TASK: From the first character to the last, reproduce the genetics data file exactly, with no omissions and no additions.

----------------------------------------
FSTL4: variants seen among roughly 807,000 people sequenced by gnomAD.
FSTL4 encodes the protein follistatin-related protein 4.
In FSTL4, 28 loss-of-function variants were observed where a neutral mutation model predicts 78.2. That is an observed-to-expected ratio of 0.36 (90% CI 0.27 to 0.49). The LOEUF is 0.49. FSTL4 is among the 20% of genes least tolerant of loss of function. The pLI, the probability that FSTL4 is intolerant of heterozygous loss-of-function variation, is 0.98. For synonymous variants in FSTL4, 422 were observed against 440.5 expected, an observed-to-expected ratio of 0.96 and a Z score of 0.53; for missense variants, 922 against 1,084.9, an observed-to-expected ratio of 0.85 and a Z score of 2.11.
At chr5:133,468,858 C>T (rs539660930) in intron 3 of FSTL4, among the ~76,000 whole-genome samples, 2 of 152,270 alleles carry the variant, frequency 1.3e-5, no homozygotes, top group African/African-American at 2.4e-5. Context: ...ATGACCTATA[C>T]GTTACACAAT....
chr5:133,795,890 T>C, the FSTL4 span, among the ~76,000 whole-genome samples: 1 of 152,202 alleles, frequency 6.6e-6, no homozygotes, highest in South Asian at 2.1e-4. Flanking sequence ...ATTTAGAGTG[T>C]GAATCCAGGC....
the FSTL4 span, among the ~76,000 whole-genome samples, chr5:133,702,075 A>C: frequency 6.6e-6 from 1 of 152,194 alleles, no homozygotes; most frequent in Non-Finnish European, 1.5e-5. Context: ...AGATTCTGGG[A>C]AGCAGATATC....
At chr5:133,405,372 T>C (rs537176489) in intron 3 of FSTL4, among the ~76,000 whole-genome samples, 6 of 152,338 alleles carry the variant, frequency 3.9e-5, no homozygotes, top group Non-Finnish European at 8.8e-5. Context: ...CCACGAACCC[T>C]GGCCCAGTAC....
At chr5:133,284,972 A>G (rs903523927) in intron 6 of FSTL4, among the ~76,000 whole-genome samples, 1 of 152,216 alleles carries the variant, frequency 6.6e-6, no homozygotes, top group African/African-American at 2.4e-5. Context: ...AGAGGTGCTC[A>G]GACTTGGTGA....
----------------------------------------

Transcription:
FSTL4: variants seen among roughly 807,000 people sequenced by gnomAD.
FSTL4 encodes the protein follistatin-related protein 4.
In FSTL4, 28 loss-of-function variants were observed where a neutral mutation model predicts 78.2. That is an observed-to-expected ratio of 0.36 (90% CI 0.27 to 0.49). The LOEUF is 0.49. FSTL4 is among the 20% of genes least tolerant of loss of function. The pLI, the probability that FSTL4 is intolerant of heterozygous loss-of-function variation, is 0.98. For synonymous variants in FSTL4, 422 were observed against 440.5 expected, an observed-to-expected ratio of 0.96 and a Z score of 0.53; for missense variants, 922 against 1,084.9, an observed-to-expected ratio of 0.85 and a Z score of 2.11.
At chr5:133,468,858 C>T (rs539660930) in intron 3 of FSTL4, among the ~76,000 whole-genome samples, 2 of 152,270 alleles carry the variant, frequency 1.3e-5, no homozygotes, top group African/African-American at 2.4e-5. Context: ...ATGACCTATA[C>T]GTTACACAAT....
chr5:133,795,890 T>C, the FSTL4 span, among the ~76,000 whole-genome samples: 1 of 152,202 alleles, frequency 6.6e-6, no homozygotes, highest in South Asian at 2.1e-4. Flanking sequence ...ATTTAGAGTG[T>C]GAATCCAGGC....
the FSTL4 span, among the ~76,000 whole-genome samples, chr5:133,702,075 A>C: frequency 6.6e-6 from 1 of 152,194 alleles, no homozygotes; most frequent in Non-Finnish European, 1.5e-5. Context: ...AGATTCTGGG[A>C]AGCAGATATC....
At chr5:133,405,372 T>C (rs537176489) in intron 3 of FSTL4, among the ~76,000 whole-genome samples, 6 of 152,338 alleles carry the variant, frequency 3.9e-5, no homozygotes, top group Non-Finnish European at 8.8e-5. Context: ...CCACGAACCC[T>C]GGCCCAGTAC....
At chr5:133,284,972 A>G (rs903523927) in intron 6 of FSTL4, among the ~76,000 whole-genome samples, 1 of 152,216 alleles carries the variant, frequency 6.6e-6, no homozygotes, top group African/African-American at 2.4e-5. Context: ...AGAGGTGCTC[A>G]GACTTGGTGA....